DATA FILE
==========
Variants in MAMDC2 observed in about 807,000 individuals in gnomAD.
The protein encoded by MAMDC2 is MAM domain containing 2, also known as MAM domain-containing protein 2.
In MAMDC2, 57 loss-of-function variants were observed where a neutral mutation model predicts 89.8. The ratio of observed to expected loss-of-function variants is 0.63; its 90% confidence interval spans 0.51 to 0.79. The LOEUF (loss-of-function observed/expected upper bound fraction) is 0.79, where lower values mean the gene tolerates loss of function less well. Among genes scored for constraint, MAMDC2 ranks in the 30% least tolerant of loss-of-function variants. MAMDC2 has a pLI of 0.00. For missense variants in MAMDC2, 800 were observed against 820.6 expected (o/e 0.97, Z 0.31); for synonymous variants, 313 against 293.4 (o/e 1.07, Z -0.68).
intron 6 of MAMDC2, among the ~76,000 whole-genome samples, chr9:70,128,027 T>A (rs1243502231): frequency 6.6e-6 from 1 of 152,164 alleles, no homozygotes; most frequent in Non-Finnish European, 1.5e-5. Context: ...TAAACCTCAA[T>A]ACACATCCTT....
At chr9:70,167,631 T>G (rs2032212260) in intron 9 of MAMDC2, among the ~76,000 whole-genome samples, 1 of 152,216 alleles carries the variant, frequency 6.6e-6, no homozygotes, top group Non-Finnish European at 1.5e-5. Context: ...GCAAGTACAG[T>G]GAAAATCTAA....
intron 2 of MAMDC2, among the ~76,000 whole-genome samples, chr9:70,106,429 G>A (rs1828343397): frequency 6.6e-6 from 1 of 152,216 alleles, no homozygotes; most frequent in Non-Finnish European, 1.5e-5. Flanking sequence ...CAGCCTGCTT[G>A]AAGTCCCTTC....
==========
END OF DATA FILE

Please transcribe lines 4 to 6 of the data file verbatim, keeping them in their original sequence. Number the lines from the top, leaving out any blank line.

intron 6 of MAMDC2, among the ~76,000 whole-genome samples, chr9:70,128,027 T>A (rs1243502231): frequency 6.6e-6 from 1 of 152,164 alleles, no homozygotes; most frequent in Non-Finnish European, 1.5e-5. Context: ...TAAACCTCAA[T>A]ACACATCCTT....
At chr9:70,167,631 T>G (rs2032212260) in intron 9 of MAMDC2, among the ~76,000 whole-genome samples, 1 of 152,216 alleles carries the variant, frequency 6.6e-6, no homozygotes, top group Non-Finnish European at 1.5e-5. Context: ...GCAAGTACAG[T>G]GAAAATCTAA....
intron 2 of MAMDC2, among the ~76,000 whole-genome samples, chr9:70,106,429 G>A (rs1828343397): frequency 6.6e-6 from 1 of 152,216 alleles, no homozygotes; most frequent in Non-Finnish European, 1.5e-5. Flanking sequence ...CAGCCTGCTT[G>A]AAGTCCCTTC....